Still smokin'

In 2006 the no smoking ordnance was passed. It hasn't been very effective.

Vertigo-inducing stairwell

I love these rickety little stairwells. Who need gyms when you have to climb these? And it would be the perfect location for a noir film shoot out. I should look into this.

Pornographic coffee device

Nationalist bread. Very good, actually.

A really long and depressing wait in the metro

If they don't give us bike lanes we'll make our own

No service if football is on. Una canya si us plau!

Wednesday, March 07, 2007

Rain is good

It forces me to blog and destroys the temptation to sit on a sun-bathed terrace and eat chocos and pulpitos and drink ice cold Moritz.

Here's a couple anecdotes:


From Real Academia Española


1. Protuberant mouth due to its configuration, or because of having big lips.

5. colloquial. Shamelessness. "You've got a lot of shamelessness."

8. colloquial. A shameless person.

This is a story of a jeta. There is no good English equivalent to this fantastic Spanish word.

Brits would probably say “cheeky bastard” and Americans would probably say “prick” or “jerkoff”. Admittedly, though, neither of these do the word justice. “Prick” and "jerkoff" are too harsh, and "cheeky bastard” is too light.

When someone says, “Tú tienes mucha jeta,” what they’re implying is that you act shamelessly.

My portero, or doorman, told me a story the other day which perfectly illustrates what a jeta is. It is a story of latin loving and double crossing; a story of blind lust and betrayal. It is also the story of the previous tenant who lived in our apartment. A fellow who left us with unpaid gas and water bills that we had to pay for, under threat of having both utilities cut off*.

That’s not the only thing. Before I get into the story I should explain the state the guy left the apartment in.

I think the reason we got the apartment was because it took a lot of imagination to see the potential in it. It was a wreck. And that probably cut in half the number of people who even considered it. It was painted in fluorescent green (no exaggeration), and had what looked like a DIY parquet job in the “lounge” area. Let’s just say the boards, which we can’t afford to replace right now, aren’t very straight. Our little 5 sq meter terrace was used for trash and discarded furniture, and the whole apartment had a kind of stressful, psychotic feel about it. I mean, fluorescent fucking green!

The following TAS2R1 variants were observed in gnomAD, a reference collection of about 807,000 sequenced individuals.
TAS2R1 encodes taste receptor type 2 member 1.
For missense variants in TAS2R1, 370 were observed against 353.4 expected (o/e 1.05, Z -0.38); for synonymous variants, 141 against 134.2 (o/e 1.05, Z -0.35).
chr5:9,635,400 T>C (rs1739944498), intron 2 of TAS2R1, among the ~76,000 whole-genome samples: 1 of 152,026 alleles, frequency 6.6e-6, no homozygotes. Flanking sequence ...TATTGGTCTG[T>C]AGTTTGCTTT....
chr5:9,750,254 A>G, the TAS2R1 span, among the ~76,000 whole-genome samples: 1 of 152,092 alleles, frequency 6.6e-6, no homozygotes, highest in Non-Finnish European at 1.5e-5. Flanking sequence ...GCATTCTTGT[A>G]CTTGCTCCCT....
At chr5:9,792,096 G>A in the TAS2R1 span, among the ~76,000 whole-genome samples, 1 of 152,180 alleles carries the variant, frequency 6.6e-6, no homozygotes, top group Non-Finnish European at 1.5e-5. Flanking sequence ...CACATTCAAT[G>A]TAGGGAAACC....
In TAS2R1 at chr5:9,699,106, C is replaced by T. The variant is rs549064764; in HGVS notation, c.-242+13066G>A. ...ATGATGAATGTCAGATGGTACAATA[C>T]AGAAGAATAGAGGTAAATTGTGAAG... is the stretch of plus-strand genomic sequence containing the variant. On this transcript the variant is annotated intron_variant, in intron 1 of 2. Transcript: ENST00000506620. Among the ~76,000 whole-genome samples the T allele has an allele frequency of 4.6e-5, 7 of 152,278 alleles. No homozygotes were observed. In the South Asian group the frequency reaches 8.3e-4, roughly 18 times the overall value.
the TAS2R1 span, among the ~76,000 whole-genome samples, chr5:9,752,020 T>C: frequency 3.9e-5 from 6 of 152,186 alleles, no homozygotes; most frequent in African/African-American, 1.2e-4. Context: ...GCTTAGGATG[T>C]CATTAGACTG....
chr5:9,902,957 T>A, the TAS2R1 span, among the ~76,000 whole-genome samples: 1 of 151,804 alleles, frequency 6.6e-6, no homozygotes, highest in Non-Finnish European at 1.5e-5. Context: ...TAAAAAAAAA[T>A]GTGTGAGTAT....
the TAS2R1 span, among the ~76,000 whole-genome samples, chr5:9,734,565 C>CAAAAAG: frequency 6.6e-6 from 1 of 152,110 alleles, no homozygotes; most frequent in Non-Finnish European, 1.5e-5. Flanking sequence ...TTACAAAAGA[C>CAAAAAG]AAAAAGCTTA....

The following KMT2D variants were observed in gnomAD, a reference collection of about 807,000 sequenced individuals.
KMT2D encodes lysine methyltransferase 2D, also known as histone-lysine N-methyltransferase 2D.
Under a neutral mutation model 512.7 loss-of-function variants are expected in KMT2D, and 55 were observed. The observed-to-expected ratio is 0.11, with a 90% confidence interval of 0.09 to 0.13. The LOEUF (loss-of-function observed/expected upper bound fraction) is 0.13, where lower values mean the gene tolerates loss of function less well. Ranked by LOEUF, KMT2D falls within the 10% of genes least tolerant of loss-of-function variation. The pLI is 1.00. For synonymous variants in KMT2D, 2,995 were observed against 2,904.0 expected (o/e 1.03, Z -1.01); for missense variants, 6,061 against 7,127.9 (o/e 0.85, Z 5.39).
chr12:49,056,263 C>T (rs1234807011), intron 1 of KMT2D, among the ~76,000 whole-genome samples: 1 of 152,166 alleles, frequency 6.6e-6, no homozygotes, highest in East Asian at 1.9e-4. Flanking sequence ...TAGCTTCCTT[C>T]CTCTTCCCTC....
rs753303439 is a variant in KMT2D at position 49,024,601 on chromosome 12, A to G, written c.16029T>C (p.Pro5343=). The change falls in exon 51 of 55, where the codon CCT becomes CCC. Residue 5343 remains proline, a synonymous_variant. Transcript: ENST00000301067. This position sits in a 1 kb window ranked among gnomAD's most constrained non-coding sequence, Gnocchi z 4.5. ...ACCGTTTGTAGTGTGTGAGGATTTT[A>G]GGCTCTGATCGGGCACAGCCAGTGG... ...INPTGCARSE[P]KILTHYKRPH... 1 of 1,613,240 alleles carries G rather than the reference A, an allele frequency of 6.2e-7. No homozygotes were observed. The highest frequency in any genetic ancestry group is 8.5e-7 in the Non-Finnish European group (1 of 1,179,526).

We always laughed about what this guy must have been like. Without ever seeing or hearing him, we had this vague ghostlike image of him. We called him a cutre**, as they say here. Just an all around louse. Every lousy bad-taste-having person I’ve ever known rolled into one.

So I was talking to the portero the other day and he told me about the guy that used to live in our apartment. He was a jeta, he said, while shaking a limp right hand, which is Spanish body language for implying that this guy was an extreme jeta.

What happened was this: about ten years ago a couple moved into what is now our apartment. The couple was a Cuban man and a Spanish woman. According to the portero everything was in the Spanish woman’s name. The apartment, in reality was entirely hers. All he said about her was, “No era muy agraciada pero eso no quita que fuera buena persona.” Translated that basically means she was not the most attractive person, but she was good natured. He said she was from a small town outside of Barcelona, and that she worked as a professor.

The Cuban didn’t do anything apparently, besides latin loving.